Leland Taylor Johnson Jr.
August 7, 1932 - September 18, 2014
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Leland Taylor Johnson, Jr. Our beloved one died rather suddenly, September 18, 2014 in the company of those he loved deeply and who had given so much meaning to his life. Born in Port Chester, New York, August 7, 1932, Lee graduated from Princeton University and Harvard Law School, with an interlude for service with the US Army in Germany during the Cold War years. Upon his return and as he entered law school, he made the wisest and most fulfilling decision of his life, marrying Jo, who was willing to wait for him during the Army years. From this union of 58 years, the couple was blessed with three incredibly devoted daughters, sons-in-law and their children; the bonds among all of whom were enduring. Following a period of general law practice in the District of Columbia, the family moved in 1974 to Olympia where Lee accepted a position with the Office of the Attorney General, continuing there until his retirement as a senior assistant attorney general in 2000. His continual hope was that his practice of law would reflect his gratitude for the possibilities that the profession presented the attorney. He delighted in his down-to-earth relationships with clients, other counsel, but in particular, during his service with the Attorney General, the privilege of working with incredibly talented, younger attorneys, witnessing their achievements in the promotion of the greater good. He was among the recipients of the Attorney General's "Steward of Justice" award. In his earlier years in private practice, he was stimulated by his pro bono work in both the civil and criminal defense arenas on behalf of those in need. His had a life-long commitment to the Church (capital and small "c"), although he came to it in young adulthood. He was something of an "outlier", subscribing fully to the premise that the mission of the institution ultimately lies beyond the walls of the edifice in which one might formally worship. There were deeply meaningful memories drawn from the earlier year of his work in establishing an interfaith organization of faith communities in the Northern Virginia area and participation in the organization of events during the Civil Rights era, including the Poor People's March on Washington. In Olympia, as a member of the United Churches, he was active during the formative years of the Associated Ministries of Thurston County (later to become Interfaith Works). Outreach to the homeless and less privileged was a continuing and compelling passion for him and he hoped that along with certain others in the community, whose efforts he admired and felt surpassed his own, all could serve as catalysts in the common cause. Lee was an avid reader, particularly in the areas of American and English history, and was occasionally teased for short-changing fiction - a charge to which he would have pleaded guilty but respect to which he eventually sought to repent. His love of baseball approached addiction, but he delighted, along with his beloved brother, Frank, in regaling any willing to listen about the glory years in the Bronx and Brooklyn in the 1940s and 50s. In his own playing years, he was "good field, but no hit". Lee was preceded in death by his parents, Leland and Francine Johnson; and son-in-law Ken; and survived by his beloved wife, Jo; brother, Frank; and by his daughters, Christine Foster (Andrew) of Providence, Rhode Island, Valerie Harris (Dan) and Jennifer Wolcott of Renton, Washington, three grandchildren, Tracey Hale and Ann and Janak Foster and many loving nephews and nieces. A memorial service in celebration of Lee's life will be held Saturday, October 18, 2014, at 11:30 a.m., at The United Churches of Olympia, 110 11th Ave SE, Olympia, Washington, (360) 943-1210, with a reception to follow. The family respectfully requests that no flowers be offered. Memorial gifts in his memory may be designated for Interfaith Works, 1401 Lake Park Drive SW, Tumwater, WA 98512, or for the Creative Spirituality Endowment Fund at The United Churches of Olympia.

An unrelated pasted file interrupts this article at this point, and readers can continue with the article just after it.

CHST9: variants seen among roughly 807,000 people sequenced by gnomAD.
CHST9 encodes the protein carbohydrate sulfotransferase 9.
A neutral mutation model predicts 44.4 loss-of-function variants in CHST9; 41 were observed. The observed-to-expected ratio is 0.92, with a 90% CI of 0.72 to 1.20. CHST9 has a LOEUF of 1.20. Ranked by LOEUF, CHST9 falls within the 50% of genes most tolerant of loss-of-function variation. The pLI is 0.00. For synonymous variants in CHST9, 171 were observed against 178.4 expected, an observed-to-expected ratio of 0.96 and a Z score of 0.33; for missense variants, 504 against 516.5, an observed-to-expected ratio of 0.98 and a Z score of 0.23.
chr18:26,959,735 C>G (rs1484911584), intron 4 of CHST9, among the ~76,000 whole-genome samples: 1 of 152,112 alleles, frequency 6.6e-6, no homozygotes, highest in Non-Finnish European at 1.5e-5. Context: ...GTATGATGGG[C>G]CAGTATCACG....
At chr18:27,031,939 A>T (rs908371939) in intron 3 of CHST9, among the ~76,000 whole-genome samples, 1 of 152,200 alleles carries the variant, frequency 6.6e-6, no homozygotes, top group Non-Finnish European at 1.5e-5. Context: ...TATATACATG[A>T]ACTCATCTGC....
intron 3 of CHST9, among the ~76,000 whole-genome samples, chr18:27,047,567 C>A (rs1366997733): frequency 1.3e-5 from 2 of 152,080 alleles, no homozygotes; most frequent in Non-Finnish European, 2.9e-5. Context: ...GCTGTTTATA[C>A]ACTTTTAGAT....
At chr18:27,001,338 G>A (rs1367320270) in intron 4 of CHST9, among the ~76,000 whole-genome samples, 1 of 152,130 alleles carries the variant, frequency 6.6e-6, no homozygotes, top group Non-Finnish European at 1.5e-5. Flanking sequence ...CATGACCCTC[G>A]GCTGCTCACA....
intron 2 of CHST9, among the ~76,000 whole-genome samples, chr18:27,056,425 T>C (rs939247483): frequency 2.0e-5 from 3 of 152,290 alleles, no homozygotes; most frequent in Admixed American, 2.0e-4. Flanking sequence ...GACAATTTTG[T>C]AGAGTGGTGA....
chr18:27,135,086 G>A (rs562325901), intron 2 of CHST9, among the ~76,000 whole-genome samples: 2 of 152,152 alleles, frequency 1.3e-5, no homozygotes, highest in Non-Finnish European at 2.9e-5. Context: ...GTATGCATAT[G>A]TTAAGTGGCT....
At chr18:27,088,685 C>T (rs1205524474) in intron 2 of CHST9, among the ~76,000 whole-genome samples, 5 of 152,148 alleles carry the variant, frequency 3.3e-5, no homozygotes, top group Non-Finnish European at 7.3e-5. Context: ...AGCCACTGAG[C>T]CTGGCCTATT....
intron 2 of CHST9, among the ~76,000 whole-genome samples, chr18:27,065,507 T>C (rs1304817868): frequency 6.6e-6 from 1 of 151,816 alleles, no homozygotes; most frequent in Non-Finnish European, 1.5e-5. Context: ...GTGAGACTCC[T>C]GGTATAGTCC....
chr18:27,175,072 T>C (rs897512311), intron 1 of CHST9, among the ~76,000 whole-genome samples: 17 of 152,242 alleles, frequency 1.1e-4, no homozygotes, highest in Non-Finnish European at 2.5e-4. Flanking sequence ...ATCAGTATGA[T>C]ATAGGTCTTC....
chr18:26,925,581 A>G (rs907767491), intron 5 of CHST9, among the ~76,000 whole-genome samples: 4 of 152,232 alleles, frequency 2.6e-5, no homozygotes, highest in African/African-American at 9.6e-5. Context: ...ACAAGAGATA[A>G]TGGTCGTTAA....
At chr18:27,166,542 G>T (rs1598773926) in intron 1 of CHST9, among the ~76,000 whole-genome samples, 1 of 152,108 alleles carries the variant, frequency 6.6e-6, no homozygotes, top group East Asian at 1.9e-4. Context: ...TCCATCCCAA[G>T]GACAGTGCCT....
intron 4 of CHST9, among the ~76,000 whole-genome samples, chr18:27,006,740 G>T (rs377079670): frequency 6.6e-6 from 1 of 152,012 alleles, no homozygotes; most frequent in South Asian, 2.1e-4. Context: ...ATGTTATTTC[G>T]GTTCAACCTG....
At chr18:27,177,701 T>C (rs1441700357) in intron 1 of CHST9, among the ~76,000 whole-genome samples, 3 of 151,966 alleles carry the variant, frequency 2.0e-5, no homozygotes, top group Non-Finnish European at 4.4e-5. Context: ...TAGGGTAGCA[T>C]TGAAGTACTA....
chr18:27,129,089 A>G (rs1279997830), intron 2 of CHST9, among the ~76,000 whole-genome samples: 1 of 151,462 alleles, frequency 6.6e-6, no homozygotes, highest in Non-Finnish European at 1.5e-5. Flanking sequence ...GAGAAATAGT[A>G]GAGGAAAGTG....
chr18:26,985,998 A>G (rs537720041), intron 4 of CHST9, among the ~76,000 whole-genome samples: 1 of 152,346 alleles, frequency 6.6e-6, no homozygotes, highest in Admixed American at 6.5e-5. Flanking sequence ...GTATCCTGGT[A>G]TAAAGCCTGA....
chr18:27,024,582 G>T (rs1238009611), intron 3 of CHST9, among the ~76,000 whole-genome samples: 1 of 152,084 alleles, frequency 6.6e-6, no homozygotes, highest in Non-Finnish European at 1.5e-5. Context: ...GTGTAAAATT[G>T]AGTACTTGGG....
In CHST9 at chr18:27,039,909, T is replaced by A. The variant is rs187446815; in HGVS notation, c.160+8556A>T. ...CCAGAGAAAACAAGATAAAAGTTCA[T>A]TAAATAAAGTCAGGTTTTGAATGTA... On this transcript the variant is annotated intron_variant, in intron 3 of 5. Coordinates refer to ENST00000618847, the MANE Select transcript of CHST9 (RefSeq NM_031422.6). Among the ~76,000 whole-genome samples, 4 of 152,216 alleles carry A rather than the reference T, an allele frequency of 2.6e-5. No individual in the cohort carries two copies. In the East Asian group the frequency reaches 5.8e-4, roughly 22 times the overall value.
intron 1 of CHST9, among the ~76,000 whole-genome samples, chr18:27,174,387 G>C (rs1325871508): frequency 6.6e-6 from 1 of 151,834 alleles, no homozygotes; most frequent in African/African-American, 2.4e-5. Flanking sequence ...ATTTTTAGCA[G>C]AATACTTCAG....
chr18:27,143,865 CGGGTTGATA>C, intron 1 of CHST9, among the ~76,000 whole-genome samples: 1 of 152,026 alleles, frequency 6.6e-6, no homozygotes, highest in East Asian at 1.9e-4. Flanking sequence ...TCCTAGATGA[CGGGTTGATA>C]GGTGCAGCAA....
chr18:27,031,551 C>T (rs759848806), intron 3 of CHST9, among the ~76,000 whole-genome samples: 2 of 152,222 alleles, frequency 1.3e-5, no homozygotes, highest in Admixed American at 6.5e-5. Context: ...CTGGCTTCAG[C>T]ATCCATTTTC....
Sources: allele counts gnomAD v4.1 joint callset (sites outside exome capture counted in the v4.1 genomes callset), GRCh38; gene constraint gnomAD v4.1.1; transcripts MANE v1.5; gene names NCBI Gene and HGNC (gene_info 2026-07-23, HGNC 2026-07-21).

Published in The Olympian on Oct. 5, 2014.
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